Understanding the Philadelphia Eagles run pass option offense

Jalen Hurts #1, Philadelphia Eagles (Photo by Mitchell Leff/Getty Images)
Jalen Hurts #1, Philadelphia Eagles (Photo by Mitchell Leff/Getty Images) /

Whenever we discuss the Philadelphia Eagles and our thoughts on their undefeated season, once that conversation turns to the subject of who deserves credit for their unblemished start, we would almost be disrespectful if we didn’t mention both head coach Nick Sirianni and offensive coordinator Shane Steichen.

Week in and week out, they find ways to impress us. Strategies may alter. Different players take center stage as the stars of the offense’s show, but there is one obvious consistency with Shane Steichen’s attack. It lies in the Eagles’ mastery of the run-pass option.

What is the run-pass option? Where did it originate? We can actually trace some of the early stages of this Eagles’ offensive staple to Chip Kelly… That’s right… Chip Kelly.

There isn’t much the Philadelphia Eagles should thank Chip Kelly for, but the RPO definitely deserves a mention.

The spread triple option offense has its genesis with Chip Kelly’s Oregon Ducks. He brought it with him to the NFL when hired by the Philadelphia Eagles in 2013, and it’s still a hit almost a decade later.

We’ve seen Coach Sirianni utilize much of the same theory. Check out his introduction to the NFL, the regular-season opener versus the Atlanta Falcons in 2021 if you need any evidence. You can also give the first six weeks of the 2022 Eagles season a watch if you’d like to see more of the RPO in action.

Football is about angles, numbers, spacing, and leverage. The spread triple option is designed to use all of which in an attempt to make opposing defenses guess (and do so wrongly). There’s always the hope of the big play, and when utilized efficiently, RPOs can create explosive plays for the offense.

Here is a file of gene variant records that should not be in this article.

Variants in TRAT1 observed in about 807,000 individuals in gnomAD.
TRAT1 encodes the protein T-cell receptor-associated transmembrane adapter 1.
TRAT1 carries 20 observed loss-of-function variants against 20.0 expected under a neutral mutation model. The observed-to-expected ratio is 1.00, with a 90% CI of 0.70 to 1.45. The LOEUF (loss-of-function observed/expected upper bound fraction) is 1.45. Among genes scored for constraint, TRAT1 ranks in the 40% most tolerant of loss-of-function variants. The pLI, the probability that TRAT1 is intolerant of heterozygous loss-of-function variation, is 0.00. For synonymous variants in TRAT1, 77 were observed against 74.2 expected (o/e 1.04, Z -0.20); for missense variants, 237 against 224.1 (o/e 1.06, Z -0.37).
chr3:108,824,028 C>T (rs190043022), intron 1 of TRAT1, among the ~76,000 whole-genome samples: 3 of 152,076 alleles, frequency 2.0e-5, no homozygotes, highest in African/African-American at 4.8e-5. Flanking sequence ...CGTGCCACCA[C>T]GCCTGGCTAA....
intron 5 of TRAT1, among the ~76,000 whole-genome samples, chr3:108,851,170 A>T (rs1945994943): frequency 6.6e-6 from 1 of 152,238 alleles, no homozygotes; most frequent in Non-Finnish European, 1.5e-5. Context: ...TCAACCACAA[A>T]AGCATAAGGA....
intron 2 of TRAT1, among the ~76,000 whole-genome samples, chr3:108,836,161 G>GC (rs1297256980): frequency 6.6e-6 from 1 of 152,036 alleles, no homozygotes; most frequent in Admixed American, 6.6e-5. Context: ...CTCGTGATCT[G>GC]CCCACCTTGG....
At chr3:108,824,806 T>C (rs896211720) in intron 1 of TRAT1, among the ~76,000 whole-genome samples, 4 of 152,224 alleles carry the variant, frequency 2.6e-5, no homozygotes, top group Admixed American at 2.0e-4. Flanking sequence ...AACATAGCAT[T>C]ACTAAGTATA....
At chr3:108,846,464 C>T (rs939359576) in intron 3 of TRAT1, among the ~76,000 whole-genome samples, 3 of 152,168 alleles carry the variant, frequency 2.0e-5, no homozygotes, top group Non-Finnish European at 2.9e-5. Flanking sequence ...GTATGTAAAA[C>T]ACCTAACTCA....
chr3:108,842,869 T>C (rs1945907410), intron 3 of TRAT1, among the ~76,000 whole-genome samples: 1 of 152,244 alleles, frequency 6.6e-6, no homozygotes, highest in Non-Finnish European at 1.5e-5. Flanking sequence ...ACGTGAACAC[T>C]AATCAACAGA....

Here’s a brief explanation of RPOs and how the Philadelphia Eagles have implemented them.

In addition to numbers and angles, the spread offense has added spacing and leverage as a focus for football coaches.

While no one can seem to agree on a precise definition for the spread offense, most people agree that the purpose of the offense is to stretch defenses horizontally using large receiver splits and using 10 and 00 personnel (the use of four and five wide receiver sets respectively. It’s all about forcing opposing defenses to put smaller defenders on the field.

Coach Chip Kelly is and was very much a spread-to-run coach. Doug Pederson and Coach Sirianni have followed his model. Both have enjoyed success. Doug won a Super Bowl, and Nick has also climbed to new heights, once tallying over 175 yards rushing during a seven-game stretch in 2021.

In the age where defenses rely on defenders who are smaller and faster, NFL offenses are often countering with spread option offenses and read option and triple option plays that are run out of shotgun and pistol formations.

Instead of reading the unblocked frontside end man on the line of scrimmage (EMLOS), the spread option offense leaves the backside EMLOS unblocked. If he crashes the line and chases the running back to the front side of the formation, the quarterback has the option to run the ball to the backside of the formation to replace the defender.

Similarly, defenses use scrape exchange techniques to replace the EMLOS with the inside linebacker – this time the weakside inside linebacker (WSILB).

While a traditional triple option is possible out of the shotgun or pistol sets, offenses have turned the third option into a passing play, usually a screen pass to a receiver.

Examples of this were seen in the Philadelphia Eagles’ recent clash with the Pittsburgh Steelers. Coach Steichen used those concepts, and as a result, Jalen Hurts had his best game as a passer while A.J. Brown enjoyed career numbers as a receiver.

So again, Nick Sirianni and Shane Steichen deserve credit for designing an offense perfectly suited to Jalen Hurts’ strengths, but while Jalen deserves credit for executing it almost flawlessly, even though we hate giving Chip Kelly credit for anything, we may need to consider sending him a bottle of champagne for his assistance in constructing an Eagles offensive theory that the Birds are still benefiting from today.